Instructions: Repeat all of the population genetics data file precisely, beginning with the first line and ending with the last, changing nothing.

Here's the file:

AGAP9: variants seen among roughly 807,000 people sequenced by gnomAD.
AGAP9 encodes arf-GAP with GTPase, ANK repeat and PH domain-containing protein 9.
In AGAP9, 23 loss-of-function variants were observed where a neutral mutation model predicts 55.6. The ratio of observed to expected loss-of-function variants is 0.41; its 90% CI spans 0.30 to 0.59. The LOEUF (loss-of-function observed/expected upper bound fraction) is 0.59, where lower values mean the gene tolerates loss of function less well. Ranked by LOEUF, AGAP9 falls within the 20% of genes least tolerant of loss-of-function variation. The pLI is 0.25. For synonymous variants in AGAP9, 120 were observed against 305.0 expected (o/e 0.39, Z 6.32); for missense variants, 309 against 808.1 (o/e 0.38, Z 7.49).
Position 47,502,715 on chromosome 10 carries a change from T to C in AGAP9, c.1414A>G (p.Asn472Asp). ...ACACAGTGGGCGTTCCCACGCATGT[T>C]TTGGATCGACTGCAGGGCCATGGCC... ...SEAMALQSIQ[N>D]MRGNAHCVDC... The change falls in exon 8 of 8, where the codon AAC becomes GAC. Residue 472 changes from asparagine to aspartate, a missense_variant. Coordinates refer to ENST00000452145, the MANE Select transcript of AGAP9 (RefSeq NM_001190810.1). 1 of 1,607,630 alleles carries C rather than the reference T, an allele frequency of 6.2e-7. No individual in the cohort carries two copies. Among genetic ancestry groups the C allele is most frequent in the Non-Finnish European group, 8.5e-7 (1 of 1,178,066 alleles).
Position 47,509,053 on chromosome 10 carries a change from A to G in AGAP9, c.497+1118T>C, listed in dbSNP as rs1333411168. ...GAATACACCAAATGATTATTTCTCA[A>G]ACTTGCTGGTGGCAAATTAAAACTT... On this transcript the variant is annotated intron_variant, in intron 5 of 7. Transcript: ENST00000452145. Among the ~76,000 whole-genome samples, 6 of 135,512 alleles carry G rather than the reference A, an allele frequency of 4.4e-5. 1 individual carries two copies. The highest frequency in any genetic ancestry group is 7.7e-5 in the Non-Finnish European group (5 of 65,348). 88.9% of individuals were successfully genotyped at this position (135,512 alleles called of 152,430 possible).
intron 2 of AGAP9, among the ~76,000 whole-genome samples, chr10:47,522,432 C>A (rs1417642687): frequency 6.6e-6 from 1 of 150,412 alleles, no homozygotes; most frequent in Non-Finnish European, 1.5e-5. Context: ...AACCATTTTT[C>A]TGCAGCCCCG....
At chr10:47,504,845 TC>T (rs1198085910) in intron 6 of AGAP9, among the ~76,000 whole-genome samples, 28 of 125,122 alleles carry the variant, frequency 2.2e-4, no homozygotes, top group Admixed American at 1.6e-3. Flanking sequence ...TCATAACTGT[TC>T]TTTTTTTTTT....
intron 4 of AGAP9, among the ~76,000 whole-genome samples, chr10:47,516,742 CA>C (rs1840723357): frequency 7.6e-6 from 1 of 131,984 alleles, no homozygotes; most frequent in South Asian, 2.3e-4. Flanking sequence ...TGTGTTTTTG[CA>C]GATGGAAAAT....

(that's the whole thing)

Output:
AGAP9: variants seen among roughly 807,000 people sequenced by gnomAD.
AGAP9 encodes arf-GAP with GTPase, ANK repeat and PH domain-containing protein 9.
In AGAP9, 23 loss-of-function variants were observed where a neutral mutation model predicts 55.6. The ratio of observed to expected loss-of-function variants is 0.41; its 90% CI spans 0.30 to 0.59. The LOEUF (loss-of-function observed/expected upper bound fraction) is 0.59, where lower values mean the gene tolerates loss of function less well. Ranked by LOEUF, AGAP9 falls within the 20% of genes least tolerant of loss-of-function variation. The pLI is 0.25. For synonymous variants in AGAP9, 120 were observed against 305.0 expected (o/e 0.39, Z 6.32); for missense variants, 309 against 808.1 (o/e 0.38, Z 7.49).
Position 47,502,715 on chromosome 10 carries a change from T to C in AGAP9, c.1414A>G (p.Asn472Asp). ...ACACAGTGGGCGTTCCCACGCATGT[T>C]TTGGATCGACTGCAGGGCCATGGCC... ...SEAMALQSIQ[N>D]MRGNAHCVDC... The change falls in exon 8 of 8, where the codon AAC becomes GAC. Residue 472 changes from asparagine to aspartate, a missense_variant. Coordinates refer to ENST00000452145, the MANE Select transcript of AGAP9 (RefSeq NM_001190810.1). 1 of 1,607,630 alleles carries C rather than the reference T, an allele frequency of 6.2e-7. No individual in the cohort carries two copies. Among genetic ancestry groups the C allele is most frequent in the Non-Finnish European group, 8.5e-7 (1 of 1,178,066 alleles).
Position 47,509,053 on chromosome 10 carries a change from A to G in AGAP9, c.497+1118T>C, listed in dbSNP as rs1333411168. ...GAATACACCAAATGATTATTTCTCA[A>G]ACTTGCTGGTGGCAAATTAAAACTT... On this transcript the variant is annotated intron_variant, in intron 5 of 7. Transcript: ENST00000452145. Among the ~76,000 whole-genome samples, 6 of 135,512 alleles carry G rather than the reference A, an allele frequency of 4.4e-5. 1 individual carries two copies. The highest frequency in any genetic ancestry group is 7.7e-5 in the Non-Finnish European group (5 of 65,348). 88.9% of individuals were successfully genotyped at this position (135,512 alleles called of 152,430 possible).
intron 2 of AGAP9, among the ~76,000 whole-genome samples, chr10:47,522,432 C>A (rs1417642687): frequency 6.6e-6 from 1 of 150,412 alleles, no homozygotes; most frequent in Non-Finnish European, 1.5e-5. Context: ...AACCATTTTT[C>A]TGCAGCCCCG....
At chr10:47,504,845 TC>T (rs1198085910) in intron 6 of AGAP9, among the ~76,000 whole-genome samples, 28 of 125,122 alleles carry the variant, frequency 2.2e-4, no homozygotes, top group Admixed American at 1.6e-3. Flanking sequence ...TCATAACTGT[TC>T]TTTTTTTTTT....
intron 4 of AGAP9, among the ~76,000 whole-genome samples, chr10:47,516,742 CA>C (rs1840723357): frequency 7.6e-6 from 1 of 131,984 alleles, no homozygotes; most frequent in South Asian, 2.3e-4. Flanking sequence ...TGTGTTTTTG[CA>C]GATGGAAAAT....